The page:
Have you read Eat, Pray, Love? The book, that is.
If not, you’re missing out on one of the most popular titles in recent history. But if you have read it, then you know that it’s the story of a woman who takes a year off to travel the world and find herself. Well, I’ve got some good news for you – there are plenty of other books out there with similar themes.
So if you’re in the market for another great travel read and books incredibly similar to Eat, Pray, Love in many aspects, check out these suggestions. You won’t be disappointed!
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Incredible books similar to Eat, Pray, Love
The Good Girl’s Guide to Getting Lost by Rachel Friedman
Much like Elizabeth in Eat Pray Love, Rachel Friedmad in The Good Girl’s Guide to Getting Lost, has done everything right with her life, and is therefore known as “the Good Girl.” Rachel feels like playing it safe has trapped her into a world that she does not know beyond.
On a whim, she buys a ticket to Ireland to escape impeding life decisions and befriends a free-spirited Australian girl. Through their incredible bond and adventurous trips across three continents, Rachel discovers and embraces her love for travel and unlocks more truths about herself. Good girl learns that there’s more to life than just playing it safe. She learns that life is simply about living for the moment.
Under the Tuscan Sun by Frances Mayes
Like a good meal, a good book can fill you up. And when it comes to Frances Mayes’s lyrical finesse, Under the Tuscan Sun is more than just a meal, it is a feast.
With the power of words and the images of the Italian countryside, Mayes walks us through the beautiful world of Tuscan cuisine. But it is not just the food that fills the pages, it is the heart and soul of Mayes herself that fills your head and warms your heart.
This novel, written more like a book of poetry, is a first-person account of a summer that one does not forget. This book will take you by the hand and guide you along the shorelines of a woman’s heart, and all the treasures that are buried beneath the blue.
The Lost Girls by Jennifer Baggart
Grace Healey is grieving. She is not the first, nor the last, nor the only at the moment. Many women in 1946 New York City are grieving. Husbands, boyfriends, brothers, all left and only a fraction returned. Grace’s husband was not one of them.
It has been months but the wound still prickles at the thought of him, his body ravaged by the depravity of World War II. And all Grace can seem to hear are more stories about the men who have come back home, and the same old tragedies of the ones who did not make it out.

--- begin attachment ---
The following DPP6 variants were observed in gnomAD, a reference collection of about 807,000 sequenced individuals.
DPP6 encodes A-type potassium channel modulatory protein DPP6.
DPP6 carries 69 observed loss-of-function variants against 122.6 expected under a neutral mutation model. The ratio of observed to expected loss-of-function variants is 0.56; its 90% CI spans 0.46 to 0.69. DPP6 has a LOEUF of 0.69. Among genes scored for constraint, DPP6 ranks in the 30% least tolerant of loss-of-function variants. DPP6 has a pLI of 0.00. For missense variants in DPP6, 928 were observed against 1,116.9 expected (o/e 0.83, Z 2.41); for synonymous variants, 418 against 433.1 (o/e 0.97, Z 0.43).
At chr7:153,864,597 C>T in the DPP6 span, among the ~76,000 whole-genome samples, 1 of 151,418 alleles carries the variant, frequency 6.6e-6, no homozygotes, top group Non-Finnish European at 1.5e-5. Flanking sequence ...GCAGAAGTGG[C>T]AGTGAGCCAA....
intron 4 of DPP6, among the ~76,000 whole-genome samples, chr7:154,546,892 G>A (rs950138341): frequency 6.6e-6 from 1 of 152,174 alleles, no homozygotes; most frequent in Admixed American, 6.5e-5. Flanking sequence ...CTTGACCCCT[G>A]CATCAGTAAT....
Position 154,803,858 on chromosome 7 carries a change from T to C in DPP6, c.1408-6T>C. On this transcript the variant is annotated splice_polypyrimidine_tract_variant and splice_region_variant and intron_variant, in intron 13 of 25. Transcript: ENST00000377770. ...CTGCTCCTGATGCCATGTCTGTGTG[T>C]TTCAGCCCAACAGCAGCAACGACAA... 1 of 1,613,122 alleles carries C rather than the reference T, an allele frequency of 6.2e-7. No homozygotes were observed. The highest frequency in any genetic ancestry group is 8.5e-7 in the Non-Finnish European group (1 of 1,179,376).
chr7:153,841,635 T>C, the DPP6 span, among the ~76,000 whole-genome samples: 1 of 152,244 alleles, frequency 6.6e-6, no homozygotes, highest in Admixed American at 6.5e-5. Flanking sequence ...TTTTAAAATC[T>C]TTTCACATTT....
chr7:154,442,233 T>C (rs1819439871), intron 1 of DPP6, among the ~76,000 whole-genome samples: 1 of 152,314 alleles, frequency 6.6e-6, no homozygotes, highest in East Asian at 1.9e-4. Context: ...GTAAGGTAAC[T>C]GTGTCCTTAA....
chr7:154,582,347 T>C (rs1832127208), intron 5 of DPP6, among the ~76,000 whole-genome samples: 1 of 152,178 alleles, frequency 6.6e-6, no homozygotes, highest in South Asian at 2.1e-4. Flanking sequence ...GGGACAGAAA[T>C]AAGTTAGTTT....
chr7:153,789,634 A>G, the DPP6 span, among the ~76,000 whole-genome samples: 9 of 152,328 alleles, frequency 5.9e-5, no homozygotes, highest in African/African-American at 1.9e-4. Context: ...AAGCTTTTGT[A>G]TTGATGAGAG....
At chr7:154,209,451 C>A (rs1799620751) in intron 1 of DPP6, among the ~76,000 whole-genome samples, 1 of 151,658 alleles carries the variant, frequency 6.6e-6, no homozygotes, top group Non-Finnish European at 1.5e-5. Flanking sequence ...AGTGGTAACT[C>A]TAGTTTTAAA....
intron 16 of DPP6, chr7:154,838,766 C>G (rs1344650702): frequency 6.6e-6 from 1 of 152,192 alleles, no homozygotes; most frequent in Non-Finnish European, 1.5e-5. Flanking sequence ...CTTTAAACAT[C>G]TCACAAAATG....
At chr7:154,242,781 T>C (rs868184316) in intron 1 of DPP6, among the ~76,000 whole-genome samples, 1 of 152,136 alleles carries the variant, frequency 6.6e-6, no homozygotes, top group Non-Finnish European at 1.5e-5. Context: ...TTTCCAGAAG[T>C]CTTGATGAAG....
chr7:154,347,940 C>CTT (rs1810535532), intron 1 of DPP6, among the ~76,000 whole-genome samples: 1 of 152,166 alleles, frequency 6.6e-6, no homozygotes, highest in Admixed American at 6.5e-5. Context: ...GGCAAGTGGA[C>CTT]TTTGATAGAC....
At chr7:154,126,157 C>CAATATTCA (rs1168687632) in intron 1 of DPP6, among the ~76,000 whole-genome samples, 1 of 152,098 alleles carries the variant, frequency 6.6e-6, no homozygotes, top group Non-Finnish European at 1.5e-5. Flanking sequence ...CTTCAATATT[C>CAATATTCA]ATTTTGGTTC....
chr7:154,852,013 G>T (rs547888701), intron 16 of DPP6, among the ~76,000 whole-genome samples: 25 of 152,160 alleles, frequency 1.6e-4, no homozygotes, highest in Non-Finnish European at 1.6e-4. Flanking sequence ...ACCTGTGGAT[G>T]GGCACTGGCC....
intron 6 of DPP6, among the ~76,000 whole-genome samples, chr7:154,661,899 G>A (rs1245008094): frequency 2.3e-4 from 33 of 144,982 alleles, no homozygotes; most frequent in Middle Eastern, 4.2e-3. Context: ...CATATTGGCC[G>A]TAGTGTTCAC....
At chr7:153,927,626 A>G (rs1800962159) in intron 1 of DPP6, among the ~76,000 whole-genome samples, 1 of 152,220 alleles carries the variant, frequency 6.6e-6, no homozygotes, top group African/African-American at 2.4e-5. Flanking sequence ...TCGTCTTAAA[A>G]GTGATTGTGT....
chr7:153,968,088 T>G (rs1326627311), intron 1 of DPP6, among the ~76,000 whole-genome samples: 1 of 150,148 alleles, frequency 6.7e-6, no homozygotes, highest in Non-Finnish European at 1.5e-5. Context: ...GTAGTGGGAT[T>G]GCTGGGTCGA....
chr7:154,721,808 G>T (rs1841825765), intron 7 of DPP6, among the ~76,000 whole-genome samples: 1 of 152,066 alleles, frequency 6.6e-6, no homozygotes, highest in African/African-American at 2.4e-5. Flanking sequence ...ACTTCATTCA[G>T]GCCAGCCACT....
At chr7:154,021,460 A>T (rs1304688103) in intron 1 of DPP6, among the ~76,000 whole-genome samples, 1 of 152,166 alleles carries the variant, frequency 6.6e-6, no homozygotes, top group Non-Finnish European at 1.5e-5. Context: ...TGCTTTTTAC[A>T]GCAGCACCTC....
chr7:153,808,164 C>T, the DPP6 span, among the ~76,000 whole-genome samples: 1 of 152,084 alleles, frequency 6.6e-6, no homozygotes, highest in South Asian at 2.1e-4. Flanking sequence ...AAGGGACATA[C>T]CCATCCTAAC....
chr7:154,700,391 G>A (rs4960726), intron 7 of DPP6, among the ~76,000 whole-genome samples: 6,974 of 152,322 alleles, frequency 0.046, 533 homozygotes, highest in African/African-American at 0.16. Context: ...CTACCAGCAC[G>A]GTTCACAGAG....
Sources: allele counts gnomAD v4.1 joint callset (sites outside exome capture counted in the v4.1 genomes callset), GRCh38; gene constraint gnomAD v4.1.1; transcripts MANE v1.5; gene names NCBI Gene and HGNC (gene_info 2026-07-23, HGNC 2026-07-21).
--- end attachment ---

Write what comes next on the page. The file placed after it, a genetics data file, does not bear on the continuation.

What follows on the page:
But what has happened to all the women that have disappeared? One day, as Grace takes her usual route through Grand Central Station, she comes across a briefcase that may just answer that question in a way she would have never predicted. Inside the briefcase, Grace finds dozens of pictures of women, not one is like the other.
Their names are a mystery, as are their faces. But with only a dead husband to mourn, Grace has no choice but to bring home the women who might still be out there. But in order to find out where they are, she must find out who they are. And that is just the beginning.
Inspiring books like Eat, Pray, Love
The Help by Kathryn Stockett
Every ten years a book will come along that takes the cake. All across the country, from bookstore to bookshelf, everyone will have a copy.
Those that read it first will spread the word, those who listen and follow suit will never forget it. Based on her childhood in 50s Mississippi, Kathryn Stockett wrote a novel so personal, and yet so epic that not even an oscar-winning movie adaptation could encapsulate the meteoric rise of this book.
Following our bookish heroine’s return home from college, Skeeter Phelan is a changed woman. She has come home to make a way for herself in the only way she knows how: by the power of the written word. With the enormous courage of the black maids in her small town, Skeeter tells the tale of a world overlooked.
And with this idea comes danger, mystery, political and social intrigue, and just a few too many toilets on somebody’s front lawn.
With a cast of characters as unforgettable as something akin to books likes of Eat Pray Love, The Help is a novel for all to read, and read again, and then maybe again.